November 26, 2015
Most Dangerous Intersections in Brooklyn: Coney Island Avenue and Guider Avenue
By Jonathan Damashek
Posted inGo to the main Auto Accidents page
We have finally reached the conclusion of our series featuring some of the most dangerous intersections in Brooklyn. These last four blogs have traversed us across Brooklyn from Nostrand Avenue all the way to Coney Island Avenue. Our final blog post will be drawing attention to Coney Island Avenue and Guider Avenue.
For many years this intersection has been known to its residents as a very dangerous and difficult intersection for both drivers and pedestrians. Since 2014, there have been 11 collisions, including two pedestrians struck by vehicles and three occupant injuries, according to data obtained from the Department of Transportation.
The intersection is a complicated one because the intersection has more than five directions converging and unclear signage which leads to frustrated drivers on top of a populated area. The intersection is heavily congested, poorly functioning intersection because of the high number of left-turning vehicles. The awkward alignment and unclear lanes cause long waits in the left hand lane that causes traffic to build up and forces drivers to make risky left hand turns. In 2012, the DOT made left hand turns in the intersection illegal, which means all of those turns disrupt the normal flow of traffic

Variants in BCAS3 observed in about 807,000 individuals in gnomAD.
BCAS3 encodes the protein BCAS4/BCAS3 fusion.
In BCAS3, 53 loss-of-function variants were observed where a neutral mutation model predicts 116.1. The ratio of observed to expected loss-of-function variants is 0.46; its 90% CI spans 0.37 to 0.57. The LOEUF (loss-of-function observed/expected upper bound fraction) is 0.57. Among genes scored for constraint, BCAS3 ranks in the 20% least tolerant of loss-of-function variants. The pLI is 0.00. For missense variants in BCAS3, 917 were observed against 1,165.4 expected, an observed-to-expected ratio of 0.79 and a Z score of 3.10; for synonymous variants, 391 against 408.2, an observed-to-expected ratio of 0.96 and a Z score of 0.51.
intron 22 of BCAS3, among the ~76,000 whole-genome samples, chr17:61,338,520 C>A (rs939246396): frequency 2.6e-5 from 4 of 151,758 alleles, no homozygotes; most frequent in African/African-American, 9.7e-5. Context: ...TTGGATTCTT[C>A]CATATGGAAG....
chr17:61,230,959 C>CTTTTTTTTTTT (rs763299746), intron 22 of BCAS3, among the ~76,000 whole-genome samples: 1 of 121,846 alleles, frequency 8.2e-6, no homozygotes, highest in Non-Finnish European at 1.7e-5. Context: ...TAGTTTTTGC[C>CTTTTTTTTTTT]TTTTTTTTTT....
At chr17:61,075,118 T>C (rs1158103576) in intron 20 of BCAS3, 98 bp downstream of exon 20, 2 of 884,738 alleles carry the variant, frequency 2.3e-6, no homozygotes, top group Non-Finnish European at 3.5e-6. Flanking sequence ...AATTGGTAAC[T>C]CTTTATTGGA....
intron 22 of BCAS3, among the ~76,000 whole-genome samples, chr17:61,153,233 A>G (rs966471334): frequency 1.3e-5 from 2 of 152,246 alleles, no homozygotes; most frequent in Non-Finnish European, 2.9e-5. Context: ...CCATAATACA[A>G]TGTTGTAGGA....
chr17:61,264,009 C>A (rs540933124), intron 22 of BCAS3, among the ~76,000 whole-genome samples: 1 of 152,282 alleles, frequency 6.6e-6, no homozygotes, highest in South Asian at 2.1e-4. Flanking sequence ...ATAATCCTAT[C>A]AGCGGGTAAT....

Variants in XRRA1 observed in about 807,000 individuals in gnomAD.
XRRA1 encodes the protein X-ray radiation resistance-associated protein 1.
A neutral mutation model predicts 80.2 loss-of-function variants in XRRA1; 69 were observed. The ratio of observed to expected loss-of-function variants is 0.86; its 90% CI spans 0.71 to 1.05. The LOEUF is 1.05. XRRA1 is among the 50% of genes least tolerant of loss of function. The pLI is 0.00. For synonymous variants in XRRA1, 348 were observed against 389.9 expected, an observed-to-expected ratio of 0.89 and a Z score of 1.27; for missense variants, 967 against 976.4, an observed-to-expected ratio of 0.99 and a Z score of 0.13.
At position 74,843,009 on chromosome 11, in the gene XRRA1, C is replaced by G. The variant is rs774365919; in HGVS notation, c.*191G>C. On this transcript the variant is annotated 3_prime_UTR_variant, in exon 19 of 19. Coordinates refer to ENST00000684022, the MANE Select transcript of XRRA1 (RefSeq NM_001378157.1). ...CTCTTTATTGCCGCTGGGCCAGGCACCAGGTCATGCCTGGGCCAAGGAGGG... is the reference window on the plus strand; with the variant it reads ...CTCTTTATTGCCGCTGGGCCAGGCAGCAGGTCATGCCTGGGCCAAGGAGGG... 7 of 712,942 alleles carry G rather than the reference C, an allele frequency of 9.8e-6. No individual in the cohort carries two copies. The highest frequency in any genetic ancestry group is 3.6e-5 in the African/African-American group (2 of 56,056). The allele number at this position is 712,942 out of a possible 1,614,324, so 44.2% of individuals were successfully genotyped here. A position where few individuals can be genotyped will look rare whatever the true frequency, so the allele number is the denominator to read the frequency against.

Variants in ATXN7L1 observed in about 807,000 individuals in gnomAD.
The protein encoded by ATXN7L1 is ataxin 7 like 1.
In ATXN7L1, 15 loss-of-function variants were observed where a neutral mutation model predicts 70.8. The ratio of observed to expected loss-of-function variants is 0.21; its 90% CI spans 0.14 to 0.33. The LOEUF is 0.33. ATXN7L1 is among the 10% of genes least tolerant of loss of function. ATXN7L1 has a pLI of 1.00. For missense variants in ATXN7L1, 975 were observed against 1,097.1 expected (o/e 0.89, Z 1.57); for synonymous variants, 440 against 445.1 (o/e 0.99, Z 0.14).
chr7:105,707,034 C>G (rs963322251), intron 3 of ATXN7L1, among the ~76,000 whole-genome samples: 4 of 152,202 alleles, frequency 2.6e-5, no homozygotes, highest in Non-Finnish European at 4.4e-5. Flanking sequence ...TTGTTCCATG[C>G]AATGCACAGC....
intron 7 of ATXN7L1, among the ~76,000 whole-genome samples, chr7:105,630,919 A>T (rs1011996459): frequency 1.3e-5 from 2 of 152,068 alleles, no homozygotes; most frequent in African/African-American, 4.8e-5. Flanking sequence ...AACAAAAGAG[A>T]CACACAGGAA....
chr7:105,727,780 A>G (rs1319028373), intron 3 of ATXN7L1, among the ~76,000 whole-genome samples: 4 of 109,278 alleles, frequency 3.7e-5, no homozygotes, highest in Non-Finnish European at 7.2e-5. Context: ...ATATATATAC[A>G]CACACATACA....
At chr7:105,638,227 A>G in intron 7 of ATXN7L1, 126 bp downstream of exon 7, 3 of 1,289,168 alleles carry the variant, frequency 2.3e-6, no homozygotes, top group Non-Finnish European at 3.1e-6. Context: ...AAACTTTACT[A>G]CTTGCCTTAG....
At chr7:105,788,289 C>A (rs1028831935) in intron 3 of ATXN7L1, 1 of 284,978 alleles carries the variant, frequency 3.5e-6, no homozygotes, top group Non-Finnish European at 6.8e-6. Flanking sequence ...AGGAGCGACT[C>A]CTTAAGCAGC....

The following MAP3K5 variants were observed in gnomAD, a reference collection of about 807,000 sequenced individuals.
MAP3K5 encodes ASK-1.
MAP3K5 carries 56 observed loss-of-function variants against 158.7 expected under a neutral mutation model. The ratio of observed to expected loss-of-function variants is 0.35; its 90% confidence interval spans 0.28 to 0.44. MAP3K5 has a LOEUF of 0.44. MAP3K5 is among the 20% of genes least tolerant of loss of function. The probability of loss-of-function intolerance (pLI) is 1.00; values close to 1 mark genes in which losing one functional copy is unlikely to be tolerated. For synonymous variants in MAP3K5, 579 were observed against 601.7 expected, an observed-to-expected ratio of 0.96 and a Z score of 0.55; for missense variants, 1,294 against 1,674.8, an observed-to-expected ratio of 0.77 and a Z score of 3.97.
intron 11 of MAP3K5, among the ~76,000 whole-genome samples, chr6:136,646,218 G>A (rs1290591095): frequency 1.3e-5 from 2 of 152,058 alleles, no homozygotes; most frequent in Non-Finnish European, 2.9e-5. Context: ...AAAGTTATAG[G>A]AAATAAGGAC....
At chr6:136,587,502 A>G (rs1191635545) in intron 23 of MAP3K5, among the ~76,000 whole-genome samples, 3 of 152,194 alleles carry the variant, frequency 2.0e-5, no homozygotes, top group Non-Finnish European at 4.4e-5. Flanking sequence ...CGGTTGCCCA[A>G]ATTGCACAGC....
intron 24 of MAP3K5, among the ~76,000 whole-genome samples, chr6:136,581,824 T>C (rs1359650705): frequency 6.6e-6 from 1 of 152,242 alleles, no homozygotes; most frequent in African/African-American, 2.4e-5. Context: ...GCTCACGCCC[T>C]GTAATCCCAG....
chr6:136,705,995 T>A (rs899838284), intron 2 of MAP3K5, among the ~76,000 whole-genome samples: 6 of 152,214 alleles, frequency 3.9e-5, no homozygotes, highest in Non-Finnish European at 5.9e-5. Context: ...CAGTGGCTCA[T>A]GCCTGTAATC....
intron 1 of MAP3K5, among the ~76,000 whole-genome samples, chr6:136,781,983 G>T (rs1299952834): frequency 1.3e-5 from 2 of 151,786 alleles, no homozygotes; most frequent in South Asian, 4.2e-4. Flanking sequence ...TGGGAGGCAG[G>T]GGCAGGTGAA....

Another factor that makes this intersection so dangerous for pedestrians are the four long cross walks. The longest of them being 140 feet and takes up to 70 seconds to cross. This is problematic for the elderly and children in the area who walk slower than most pedestrians.
Several plans have been proposed by the DOT to alleviate traffic and create a safer environment for pedestrians as they try to walk across the streets. The first plan is to lift the ban on left hand turns and add turning lanes to the streets. These should lessen the traffic and create a safer environment for the drivers. There are also plans to extend the medians and add signage to the corners. The DOT has stated that while these plans will help the area, there is still much that needs to be done.